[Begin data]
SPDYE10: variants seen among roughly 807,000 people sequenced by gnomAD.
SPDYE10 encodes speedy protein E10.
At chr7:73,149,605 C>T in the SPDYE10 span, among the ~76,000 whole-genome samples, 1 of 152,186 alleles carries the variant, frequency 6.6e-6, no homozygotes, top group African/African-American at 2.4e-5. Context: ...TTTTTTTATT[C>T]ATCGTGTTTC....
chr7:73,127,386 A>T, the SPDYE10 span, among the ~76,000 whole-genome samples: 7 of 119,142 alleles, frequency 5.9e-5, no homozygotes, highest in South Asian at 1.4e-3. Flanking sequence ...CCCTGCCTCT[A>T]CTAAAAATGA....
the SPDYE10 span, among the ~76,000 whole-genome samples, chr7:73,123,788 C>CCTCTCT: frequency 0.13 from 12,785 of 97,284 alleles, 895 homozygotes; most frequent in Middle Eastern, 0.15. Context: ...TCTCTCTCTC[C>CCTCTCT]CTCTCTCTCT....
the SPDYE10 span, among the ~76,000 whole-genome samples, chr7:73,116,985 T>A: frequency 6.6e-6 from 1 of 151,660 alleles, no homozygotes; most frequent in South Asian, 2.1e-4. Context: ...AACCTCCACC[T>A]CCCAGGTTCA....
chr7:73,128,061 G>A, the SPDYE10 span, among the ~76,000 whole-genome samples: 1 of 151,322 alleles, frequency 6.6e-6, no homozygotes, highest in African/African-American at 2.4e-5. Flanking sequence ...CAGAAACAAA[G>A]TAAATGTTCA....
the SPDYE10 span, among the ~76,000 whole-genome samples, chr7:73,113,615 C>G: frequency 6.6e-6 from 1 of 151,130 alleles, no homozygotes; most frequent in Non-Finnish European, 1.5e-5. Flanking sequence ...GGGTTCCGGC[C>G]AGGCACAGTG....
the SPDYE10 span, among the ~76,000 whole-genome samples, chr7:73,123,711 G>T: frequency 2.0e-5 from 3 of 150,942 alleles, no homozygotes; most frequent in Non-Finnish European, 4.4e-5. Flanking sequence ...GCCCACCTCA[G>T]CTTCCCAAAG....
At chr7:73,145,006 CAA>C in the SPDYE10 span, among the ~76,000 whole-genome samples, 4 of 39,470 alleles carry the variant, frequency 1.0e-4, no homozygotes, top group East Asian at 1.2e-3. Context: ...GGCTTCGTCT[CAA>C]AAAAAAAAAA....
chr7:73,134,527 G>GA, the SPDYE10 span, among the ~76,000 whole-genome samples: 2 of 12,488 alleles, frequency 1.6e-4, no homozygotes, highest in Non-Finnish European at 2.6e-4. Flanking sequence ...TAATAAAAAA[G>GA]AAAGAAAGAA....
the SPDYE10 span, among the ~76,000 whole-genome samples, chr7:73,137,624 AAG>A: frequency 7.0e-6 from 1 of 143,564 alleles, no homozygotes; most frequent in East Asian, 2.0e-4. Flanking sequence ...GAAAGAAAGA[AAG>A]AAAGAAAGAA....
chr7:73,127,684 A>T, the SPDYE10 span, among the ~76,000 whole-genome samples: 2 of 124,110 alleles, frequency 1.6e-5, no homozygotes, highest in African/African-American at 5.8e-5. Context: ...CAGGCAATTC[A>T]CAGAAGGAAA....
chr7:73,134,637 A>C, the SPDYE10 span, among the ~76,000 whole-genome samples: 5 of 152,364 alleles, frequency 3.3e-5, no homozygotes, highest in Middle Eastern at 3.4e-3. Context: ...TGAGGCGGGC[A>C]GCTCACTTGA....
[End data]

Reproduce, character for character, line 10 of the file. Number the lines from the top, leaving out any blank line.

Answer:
At chr7:73,145,006 CAA>C in the SPDYE10 span, among the ~76,000 whole-genome samples, 4 of 39,470 alleles carry the variant, frequency 1.0e-4, no homozygotes, top group East Asian at 1.2e-3. Context: ...GGCTTCGTCT[CAA>C]AAAAAAAAAA....